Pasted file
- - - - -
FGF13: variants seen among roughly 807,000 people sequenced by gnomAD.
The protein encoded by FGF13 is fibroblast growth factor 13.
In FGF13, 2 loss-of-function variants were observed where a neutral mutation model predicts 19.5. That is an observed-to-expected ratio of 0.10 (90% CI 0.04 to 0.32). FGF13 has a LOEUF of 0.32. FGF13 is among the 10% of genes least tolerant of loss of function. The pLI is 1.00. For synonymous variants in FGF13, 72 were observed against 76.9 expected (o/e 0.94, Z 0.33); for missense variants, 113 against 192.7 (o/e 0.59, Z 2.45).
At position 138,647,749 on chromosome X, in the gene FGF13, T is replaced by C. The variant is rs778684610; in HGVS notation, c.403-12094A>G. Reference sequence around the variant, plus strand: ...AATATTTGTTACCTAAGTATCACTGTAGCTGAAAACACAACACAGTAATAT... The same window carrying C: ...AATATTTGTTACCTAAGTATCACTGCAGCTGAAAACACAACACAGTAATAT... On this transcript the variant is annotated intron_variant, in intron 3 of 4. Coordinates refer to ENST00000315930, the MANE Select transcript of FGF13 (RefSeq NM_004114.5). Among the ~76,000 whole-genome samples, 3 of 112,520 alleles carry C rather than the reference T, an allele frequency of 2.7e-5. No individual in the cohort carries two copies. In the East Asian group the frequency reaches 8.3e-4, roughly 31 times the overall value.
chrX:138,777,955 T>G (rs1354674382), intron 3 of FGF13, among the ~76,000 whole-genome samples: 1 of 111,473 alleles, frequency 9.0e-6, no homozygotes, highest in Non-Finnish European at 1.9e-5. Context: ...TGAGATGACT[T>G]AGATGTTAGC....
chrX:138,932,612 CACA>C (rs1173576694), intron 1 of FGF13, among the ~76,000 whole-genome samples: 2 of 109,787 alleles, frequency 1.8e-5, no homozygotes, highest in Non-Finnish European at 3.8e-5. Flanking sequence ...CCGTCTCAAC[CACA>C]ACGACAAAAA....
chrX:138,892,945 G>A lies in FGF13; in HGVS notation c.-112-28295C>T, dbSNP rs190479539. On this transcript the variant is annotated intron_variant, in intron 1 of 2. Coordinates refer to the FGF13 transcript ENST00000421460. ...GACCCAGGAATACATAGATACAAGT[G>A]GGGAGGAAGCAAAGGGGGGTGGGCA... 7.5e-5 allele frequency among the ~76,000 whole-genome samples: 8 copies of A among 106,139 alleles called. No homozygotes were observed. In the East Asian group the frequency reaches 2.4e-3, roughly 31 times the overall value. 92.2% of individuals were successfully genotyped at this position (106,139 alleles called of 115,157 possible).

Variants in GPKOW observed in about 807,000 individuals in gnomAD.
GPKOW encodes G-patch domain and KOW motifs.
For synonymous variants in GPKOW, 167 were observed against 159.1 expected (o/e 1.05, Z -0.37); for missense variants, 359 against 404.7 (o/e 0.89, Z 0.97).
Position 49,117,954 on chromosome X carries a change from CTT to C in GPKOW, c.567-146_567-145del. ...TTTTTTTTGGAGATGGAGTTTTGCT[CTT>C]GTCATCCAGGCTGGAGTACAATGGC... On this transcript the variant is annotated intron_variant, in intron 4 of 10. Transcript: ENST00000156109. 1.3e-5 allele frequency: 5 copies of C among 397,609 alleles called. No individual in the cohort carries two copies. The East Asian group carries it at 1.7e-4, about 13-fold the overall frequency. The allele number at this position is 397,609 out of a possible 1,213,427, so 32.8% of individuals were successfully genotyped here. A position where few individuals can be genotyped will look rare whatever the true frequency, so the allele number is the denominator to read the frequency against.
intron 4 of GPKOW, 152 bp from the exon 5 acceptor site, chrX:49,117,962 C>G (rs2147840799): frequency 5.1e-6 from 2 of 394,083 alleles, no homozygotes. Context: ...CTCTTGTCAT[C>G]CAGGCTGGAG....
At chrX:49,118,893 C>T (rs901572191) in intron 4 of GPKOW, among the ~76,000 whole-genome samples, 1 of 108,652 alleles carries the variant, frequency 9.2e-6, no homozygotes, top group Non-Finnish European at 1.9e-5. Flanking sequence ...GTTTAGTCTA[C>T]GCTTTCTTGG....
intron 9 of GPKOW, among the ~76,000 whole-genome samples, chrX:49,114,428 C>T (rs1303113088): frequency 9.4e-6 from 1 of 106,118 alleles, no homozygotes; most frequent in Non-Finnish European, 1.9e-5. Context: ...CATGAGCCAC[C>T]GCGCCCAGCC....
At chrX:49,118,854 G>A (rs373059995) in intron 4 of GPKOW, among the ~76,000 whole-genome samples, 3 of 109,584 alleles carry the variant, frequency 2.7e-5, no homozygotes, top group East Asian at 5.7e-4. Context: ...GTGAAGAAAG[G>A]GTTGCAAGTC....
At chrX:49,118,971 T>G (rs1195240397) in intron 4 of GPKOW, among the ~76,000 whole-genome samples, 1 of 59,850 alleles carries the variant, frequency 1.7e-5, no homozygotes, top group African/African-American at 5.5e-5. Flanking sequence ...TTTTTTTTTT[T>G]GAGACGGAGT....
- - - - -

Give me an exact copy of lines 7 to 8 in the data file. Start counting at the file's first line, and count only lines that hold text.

chrX:138,892,945 G>A lies in FGF13; in HGVS notation c.-112-28295C>T, dbSNP rs190479539. On this transcript the variant is annotated intron_variant, in intron 1 of 2. Coordinates refer to the FGF13 transcript ENST00000421460. ...GACCCAGGAATACATAGATACAAGT[G>A]GGGAGGAAGCAAAGGGGGGTGGGCA... 7.5e-5 allele frequency among the ~76,000 whole-genome samples: 8 copies of A among 106,139 alleles called. No homozygotes were observed. In the East Asian group the frequency reaches 2.4e-3, roughly 31 times the overall value. 92.2% of individuals were successfully genotyped at this position (106,139 alleles called of 115,157 possible).

Variants in GPKOW observed in about 807,000 individuals in gnomAD.